The nuns have a garden with such cold climate vegetables as cabbage, swiss chard, 3 kinds of lettuce, arugula, beets, mustard greens, chives, leeks, broccoli, Russian kale, carrots and turnips. They make delicious rhubarb jam and wild berry jelly and jam, and dry mint and other herbs for tea. To make compost they drag in seaweed to add to more usual components. In this part of Alaska the soil is very thin, and is underlain by volcanic ash from the last big eruption on the Katmai Peninsula in the early1900s, so each bed must be laboriously built up. In summer the day length is very long, but the growing season very short.

What really struck me was how much physical work we did, roaming miles after mushrooms through the deep moss, chopping wood, cleaning fish whenever a catch was brought in. There is much satisfaction in storing ones own food, but it also puts a lot of pressure on one to do the work. It sure helped to do work together!

The silence, the weather, and the isolation were refreshing, but could also be a little scary when it was dark and stormy. Walking to church in the middle of the night, I had to be sure not to slip and twist an ankle... no one would be along for a long time.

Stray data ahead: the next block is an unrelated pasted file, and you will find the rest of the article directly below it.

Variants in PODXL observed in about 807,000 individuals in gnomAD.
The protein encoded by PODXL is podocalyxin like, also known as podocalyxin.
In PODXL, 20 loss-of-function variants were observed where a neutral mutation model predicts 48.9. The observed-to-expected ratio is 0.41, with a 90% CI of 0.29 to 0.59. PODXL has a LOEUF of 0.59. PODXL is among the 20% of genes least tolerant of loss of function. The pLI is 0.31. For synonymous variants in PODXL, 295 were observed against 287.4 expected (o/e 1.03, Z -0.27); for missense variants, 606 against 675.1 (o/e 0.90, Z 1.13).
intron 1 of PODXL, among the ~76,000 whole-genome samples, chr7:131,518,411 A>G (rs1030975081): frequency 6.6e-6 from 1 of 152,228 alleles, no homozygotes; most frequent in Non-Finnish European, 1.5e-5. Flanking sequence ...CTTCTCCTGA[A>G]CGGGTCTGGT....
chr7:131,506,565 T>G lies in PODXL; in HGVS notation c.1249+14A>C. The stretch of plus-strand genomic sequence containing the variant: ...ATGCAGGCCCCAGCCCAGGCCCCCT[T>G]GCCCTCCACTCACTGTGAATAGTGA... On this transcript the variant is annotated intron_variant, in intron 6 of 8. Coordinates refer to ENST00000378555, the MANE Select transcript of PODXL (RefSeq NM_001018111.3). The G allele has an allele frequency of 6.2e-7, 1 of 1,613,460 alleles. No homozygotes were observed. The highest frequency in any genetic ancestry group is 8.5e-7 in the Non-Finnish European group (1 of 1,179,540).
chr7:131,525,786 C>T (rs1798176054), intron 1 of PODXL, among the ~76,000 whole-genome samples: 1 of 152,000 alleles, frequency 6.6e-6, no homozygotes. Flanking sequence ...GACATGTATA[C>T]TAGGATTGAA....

I found it a transformational experience to get away from media, e-mail, man-made environments, and machine noise. Baldly put, when you clear away the worldliness, it makes room for the spiritual. I found it very refreshing.


Donna (Seraphima)

-- Seraphima (, September 14, 1999


Some of us almost wish that Y2K would be a 9+ so that we could simplify our lifestyles...

-- Mad Monk (, September 14, 1999.

Some of us wish y2k would be a zero so we can afford to move to Alaska. :)

-- helen (, September 14, 1999.


Thank you so much for sharing your experience with us! I really appreciated and enjoyed the details you's inspiring to say the least. I'm sending you an e-mail.

Thanks again!

-- Jill D. (, September 15, 1999.